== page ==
JA: Our conversations are the same with advertisers and publishers. We focus on high-quality sites that brands can trust. That’s valuable for both sides of the equation. Publishers want high-quality advertisers and advertisers want high-quality sites. When you talk to the publishers we do business with, that have so much brand equity with audience and content, they don’t see their unsold inventory as a commodity. Just because it’s unsold, that doesn’t mean that it’s not high quality. Our sites represent a great addition to complement what the publisher’s sales team is already doing. We can provide great yield, great analytics, but never compromise their brand.
RN: What do you think we will see in messaging technology? Mobile? Video? Other targeting options?
JA: First thing you are going to see is more search. Right now, search is purely contextually based on particular search categories. When you’re not limited to just that contextual data, you can start integrating it with behavioral targeting more successfully. Because of that, search is going to start leveraging behavioral targeting at a faster rate in 2008. There will be an interesting opportunity to start advertising within widgets. It is easy to apply the same methodologies to them as you do with online display ads. The problem with video today is that there isn’t a lot of available in-stream video, especially for video you trust. Marketers are asking for quality video and are not yet jumping on the user-generated video bandwagon. Lastly, I think that in-stream video owners overlaying advertising might complicate things. Again, it’s an issue of if the advertiser feels comfortable running ads in consumer-generated video space. However, as advertisers get more comfortable with video, we will see more and more. With regards to mobile, we’re not focused on it right now, but I think that it’s a huge market and will benefit from behavioral targeting when it’s ready. It will come along, but I don’t think that people will talk about behavioral targeting and mobile in 2008.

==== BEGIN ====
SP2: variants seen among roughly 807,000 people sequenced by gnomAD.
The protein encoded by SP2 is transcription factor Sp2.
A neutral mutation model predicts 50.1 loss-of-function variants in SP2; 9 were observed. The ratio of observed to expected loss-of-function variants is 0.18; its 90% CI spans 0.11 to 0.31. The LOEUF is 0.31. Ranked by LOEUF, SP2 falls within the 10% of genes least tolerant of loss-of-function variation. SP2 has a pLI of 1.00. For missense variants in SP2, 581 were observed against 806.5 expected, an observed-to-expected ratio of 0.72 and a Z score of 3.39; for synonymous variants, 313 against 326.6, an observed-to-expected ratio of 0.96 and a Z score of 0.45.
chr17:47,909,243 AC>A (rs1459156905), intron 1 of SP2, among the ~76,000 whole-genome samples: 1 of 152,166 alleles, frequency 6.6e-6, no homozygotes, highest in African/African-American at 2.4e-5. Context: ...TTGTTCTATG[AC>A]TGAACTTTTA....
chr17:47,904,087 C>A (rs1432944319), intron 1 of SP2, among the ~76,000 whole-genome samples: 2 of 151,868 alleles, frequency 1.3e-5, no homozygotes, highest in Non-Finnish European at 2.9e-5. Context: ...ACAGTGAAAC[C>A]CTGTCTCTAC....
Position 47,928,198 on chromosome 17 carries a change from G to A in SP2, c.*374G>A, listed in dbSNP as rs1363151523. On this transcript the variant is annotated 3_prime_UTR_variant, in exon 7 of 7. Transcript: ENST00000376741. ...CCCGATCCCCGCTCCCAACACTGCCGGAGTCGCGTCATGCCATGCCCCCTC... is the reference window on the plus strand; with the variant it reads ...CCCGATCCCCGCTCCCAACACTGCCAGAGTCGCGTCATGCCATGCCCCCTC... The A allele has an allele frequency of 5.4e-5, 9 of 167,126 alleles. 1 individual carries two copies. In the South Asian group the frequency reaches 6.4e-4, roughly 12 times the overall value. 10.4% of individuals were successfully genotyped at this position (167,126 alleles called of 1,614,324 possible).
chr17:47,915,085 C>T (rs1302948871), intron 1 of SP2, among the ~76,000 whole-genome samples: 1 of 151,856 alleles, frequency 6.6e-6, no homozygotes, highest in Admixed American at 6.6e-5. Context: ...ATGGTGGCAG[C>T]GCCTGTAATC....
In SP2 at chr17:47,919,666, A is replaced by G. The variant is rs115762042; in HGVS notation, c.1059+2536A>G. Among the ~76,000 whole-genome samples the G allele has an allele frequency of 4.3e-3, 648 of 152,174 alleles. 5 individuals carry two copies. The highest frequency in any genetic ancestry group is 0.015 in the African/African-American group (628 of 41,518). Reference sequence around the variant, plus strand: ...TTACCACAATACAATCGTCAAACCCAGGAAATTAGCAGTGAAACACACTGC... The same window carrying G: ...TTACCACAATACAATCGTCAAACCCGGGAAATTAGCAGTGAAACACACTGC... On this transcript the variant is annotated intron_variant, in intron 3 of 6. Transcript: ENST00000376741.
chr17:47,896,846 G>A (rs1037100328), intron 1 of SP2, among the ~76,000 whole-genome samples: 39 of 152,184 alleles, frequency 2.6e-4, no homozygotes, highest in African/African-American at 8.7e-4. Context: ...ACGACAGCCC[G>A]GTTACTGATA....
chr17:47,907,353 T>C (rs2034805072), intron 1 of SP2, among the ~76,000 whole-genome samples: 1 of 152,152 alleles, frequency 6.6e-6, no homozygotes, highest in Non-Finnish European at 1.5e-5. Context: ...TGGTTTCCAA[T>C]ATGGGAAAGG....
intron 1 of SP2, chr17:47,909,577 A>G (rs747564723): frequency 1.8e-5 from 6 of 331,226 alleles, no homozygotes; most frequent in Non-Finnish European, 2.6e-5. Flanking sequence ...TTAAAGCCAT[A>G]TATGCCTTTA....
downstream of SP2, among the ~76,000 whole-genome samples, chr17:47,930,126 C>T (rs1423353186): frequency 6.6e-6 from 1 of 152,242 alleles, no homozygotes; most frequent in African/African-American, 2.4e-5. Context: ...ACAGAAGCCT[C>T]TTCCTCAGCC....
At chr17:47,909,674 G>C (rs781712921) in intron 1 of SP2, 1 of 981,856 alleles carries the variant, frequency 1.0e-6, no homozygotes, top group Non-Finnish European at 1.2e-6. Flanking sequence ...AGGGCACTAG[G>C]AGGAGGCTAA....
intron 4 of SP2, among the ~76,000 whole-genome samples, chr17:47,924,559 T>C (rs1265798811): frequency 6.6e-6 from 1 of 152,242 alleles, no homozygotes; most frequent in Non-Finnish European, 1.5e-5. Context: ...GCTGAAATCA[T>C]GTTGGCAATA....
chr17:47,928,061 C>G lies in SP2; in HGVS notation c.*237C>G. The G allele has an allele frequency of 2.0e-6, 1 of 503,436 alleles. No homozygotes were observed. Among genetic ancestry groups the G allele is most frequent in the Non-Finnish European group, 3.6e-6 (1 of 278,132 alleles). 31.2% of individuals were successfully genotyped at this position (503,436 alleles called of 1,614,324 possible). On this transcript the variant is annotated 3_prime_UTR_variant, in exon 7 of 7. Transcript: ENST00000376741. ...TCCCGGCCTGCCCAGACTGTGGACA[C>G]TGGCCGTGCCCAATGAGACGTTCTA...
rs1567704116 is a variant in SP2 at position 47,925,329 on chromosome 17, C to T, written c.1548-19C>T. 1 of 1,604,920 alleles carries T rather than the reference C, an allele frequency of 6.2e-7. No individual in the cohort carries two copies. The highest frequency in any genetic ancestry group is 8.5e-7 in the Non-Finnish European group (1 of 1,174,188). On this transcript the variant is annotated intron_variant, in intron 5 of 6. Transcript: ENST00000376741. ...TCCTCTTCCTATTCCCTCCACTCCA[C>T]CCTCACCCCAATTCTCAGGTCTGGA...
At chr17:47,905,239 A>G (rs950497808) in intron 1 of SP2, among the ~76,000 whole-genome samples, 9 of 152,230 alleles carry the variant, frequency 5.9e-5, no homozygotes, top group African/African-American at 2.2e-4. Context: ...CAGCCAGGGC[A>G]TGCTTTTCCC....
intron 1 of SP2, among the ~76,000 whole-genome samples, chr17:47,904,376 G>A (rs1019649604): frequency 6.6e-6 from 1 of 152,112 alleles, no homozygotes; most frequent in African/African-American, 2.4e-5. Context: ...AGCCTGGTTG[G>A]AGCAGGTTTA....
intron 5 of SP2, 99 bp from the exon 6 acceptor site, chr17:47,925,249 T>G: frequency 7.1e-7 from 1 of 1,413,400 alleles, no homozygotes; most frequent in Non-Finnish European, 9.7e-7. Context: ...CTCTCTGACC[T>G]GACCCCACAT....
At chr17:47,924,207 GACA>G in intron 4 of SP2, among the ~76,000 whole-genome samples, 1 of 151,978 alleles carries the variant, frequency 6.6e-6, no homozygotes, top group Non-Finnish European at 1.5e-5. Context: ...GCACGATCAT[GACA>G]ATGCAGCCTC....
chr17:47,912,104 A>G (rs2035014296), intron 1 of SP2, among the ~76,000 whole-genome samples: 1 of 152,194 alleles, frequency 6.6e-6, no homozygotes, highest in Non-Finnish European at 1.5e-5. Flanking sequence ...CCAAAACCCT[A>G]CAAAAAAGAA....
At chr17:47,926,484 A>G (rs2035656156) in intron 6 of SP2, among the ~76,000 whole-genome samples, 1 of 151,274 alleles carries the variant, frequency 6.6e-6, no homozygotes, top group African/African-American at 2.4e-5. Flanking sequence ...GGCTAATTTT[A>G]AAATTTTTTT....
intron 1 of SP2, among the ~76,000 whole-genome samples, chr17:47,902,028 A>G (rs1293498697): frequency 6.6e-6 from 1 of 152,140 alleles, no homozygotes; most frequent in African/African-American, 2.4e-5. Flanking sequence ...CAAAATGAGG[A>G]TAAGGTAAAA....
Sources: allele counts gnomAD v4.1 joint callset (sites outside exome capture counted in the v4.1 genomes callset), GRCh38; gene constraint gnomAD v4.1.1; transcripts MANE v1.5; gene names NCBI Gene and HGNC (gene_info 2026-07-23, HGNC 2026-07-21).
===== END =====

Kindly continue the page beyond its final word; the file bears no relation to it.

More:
RN: What do you, as a network, want from your marketing clients to ensure success on both sides?
JA: The biggest thing we need from them is willingness to leverage our experience. We also feel like it’s a two-way street. If a client is open and gives us great insight into what’s worked for them in the past, their objectives, their targeted CPA, etcetera, that is all very helpful for us in developing their programs. We want to understand their needs first and to exceed their objectives, but if we don’t understand those things, then we can’t be a good resource for them. I strongly believe in information sharing. We are a strategic media partner, not just one of 100 ad networks. We want to be the go-to network for marketers looking for a data provider.
RN: Thanks so much for your time, do you have anything else to add?
JA: The big thing next year is going to be a lot more ad networks knocking on your door. Just when you thought you didn’t have another ad network to talk to, another ad network will appear.
According to data gathered for the report,‘Communications Infrastructure: The Backbone of Digital,’ 88% of IT professionals and 61% of marketers ranked their company’s current communication infrastructure as 'cutting-edge' or 'good.'
President Trump's digital savvy isn't limited to social media. As it turns out, the Trump Organization owns thousands of domain names, possibly even more than 10,000.
Silicon Valley loves fancy job titles. It’s just something we do, and software and technology lend themselves to it. But it’s not always helpful.
In an often fragmented workplace, where various departments have varying opinions and goals, it can be challenging to get everyone on the same page and make strategy meetings productive.